STUDY QUESTION: Is ovarian cytology a reliable predictor for a malignant ovarian mass?
SUMMARY ANSWER: Cytology of an ovarian mass in children and adolescents cannot be used to exclude malignancy.
WHAT IS KNOWN ALREADY: It is hard to predict malignancy in case of an ovarian mass in a child or adolescent. The most common reason to perform fine needle aspiration cytology (FNAC) is to exclude malignancy. Ovarian cytology has shown varying results in adults, but test performance in a younger population is unknown.
STUDY DESIGN, SIZE, DURATION: This was a retrospective diagnostic test accuracy study. We used a nationwide registry, the PALGA database, to select girls aged 18 or younger with matching ovarian cytology and histology reports available between 1990 and 2014.
PARTICIPANTS/MATERIALS, SETTING, METHODS: Histology diagnoses were classified according to the WHO classification of ovarian pathology. Cytology diagnoses were classified as benign, borderline malignant or malignant. Cases with inconclusive cytology diagnoses were excluded from the analysis of diagnostic accuracy. Diagnostic accuracy was calculated using a 2 × 2 table.
MAIN RESULTS AND THE ROLE OF CHANCE: Included were 552 girls under the age of 18 who had a cytology and a histology report of the same ovary available in the PALGA database. In 523 (94.7%) patients the mass was benign; 19 (3.4%) patients had a borderline malignancy and 9 (1.7%) patients had a malignant tumour. The histology diagnosis was unknown in one patient due to torsion of the ovary. Cytological diagnosis was inconclusive in 96 patients (17.4%). Cytology had a sensitivity of 32.0% and a specificity of 99.8%. Post-test probability of malignancy with positive cytology was 88.9%; the post-test probability of a malignancy with negative cytology was 3.8%, compared with a pre-test probability of 5.5%.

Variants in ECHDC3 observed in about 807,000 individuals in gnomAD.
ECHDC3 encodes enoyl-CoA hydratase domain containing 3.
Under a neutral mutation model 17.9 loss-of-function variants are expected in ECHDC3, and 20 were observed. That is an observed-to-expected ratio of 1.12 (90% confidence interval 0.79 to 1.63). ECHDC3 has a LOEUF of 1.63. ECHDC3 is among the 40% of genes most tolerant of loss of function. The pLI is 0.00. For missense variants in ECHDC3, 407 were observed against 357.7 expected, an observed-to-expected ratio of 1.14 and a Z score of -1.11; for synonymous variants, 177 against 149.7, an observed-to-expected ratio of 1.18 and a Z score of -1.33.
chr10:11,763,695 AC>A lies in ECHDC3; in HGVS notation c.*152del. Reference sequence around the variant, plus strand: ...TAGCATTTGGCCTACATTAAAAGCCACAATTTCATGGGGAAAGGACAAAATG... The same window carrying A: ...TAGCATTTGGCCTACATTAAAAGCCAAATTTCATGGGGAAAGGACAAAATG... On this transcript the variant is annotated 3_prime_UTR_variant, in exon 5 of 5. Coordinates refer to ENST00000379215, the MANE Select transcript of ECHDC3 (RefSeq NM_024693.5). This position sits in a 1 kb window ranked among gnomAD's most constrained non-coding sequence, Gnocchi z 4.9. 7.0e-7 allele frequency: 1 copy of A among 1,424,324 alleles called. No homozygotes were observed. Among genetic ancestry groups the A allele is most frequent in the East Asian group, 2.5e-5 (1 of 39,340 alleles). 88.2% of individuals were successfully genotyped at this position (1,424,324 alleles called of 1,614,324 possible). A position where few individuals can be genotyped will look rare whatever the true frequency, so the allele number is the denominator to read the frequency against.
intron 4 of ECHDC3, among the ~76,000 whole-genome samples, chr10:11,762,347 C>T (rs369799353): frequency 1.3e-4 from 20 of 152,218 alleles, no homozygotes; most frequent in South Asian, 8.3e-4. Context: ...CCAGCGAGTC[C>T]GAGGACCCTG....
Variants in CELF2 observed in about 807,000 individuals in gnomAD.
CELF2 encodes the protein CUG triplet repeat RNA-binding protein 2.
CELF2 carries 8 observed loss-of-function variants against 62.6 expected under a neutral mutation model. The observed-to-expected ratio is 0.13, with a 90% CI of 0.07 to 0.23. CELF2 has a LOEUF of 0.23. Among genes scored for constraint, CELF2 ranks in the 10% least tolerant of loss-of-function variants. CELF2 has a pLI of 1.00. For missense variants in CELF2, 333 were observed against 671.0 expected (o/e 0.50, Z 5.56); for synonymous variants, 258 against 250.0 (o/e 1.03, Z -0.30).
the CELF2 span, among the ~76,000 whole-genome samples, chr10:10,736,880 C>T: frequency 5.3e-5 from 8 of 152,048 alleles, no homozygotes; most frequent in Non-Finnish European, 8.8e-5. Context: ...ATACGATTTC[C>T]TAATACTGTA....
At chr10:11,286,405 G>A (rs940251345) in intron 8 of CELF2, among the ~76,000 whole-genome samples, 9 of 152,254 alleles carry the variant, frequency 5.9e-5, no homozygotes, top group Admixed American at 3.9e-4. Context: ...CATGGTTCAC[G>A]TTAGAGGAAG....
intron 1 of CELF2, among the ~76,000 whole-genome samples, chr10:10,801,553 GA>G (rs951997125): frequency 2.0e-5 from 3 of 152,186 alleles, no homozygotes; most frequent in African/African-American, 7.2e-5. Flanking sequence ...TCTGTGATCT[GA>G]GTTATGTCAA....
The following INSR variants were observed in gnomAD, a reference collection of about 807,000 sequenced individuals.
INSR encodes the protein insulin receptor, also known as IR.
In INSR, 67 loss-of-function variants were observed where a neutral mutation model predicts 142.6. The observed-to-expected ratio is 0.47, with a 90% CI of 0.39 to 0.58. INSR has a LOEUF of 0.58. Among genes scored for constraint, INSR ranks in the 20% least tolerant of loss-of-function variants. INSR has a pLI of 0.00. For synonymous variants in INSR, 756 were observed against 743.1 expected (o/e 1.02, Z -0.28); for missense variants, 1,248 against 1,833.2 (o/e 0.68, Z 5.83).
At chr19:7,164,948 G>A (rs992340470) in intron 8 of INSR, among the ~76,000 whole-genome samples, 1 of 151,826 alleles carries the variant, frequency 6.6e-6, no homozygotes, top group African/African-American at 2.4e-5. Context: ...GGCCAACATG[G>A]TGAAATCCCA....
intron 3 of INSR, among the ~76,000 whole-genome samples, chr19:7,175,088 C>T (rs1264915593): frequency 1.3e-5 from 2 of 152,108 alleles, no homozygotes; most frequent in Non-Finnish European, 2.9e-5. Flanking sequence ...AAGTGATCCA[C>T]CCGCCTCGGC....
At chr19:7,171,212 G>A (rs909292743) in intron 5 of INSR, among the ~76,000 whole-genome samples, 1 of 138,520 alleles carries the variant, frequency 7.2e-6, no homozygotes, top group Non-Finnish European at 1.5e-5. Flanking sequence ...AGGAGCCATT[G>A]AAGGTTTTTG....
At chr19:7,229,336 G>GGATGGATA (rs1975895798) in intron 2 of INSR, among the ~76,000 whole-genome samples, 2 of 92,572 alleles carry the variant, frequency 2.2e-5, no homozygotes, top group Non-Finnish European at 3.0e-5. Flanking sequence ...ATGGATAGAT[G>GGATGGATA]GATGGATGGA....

LIMITATIONS, REASONS FOR CAUTION: This study was retrospective, using data gathered over 24 years. Cytology was retrieved during surgery or at the pathology department in 86.6% of the cases and pathologists were not blinded, which can be a cause for bias.
WIDER IMPLICATIONS OF THE FINDINGS: Since the sensitivity is low, FNAC is not a recommended diagnostic tool in children. The post-test probability of a negative test compared with the incidence in our population resulted in a minimal difference not worth an invasive procedure.
STUDY FUNDING/COMPETING INTERESTS: No study funding was received and no competing interests are present.
TRIAL REGISTRATION NUMBER: NA.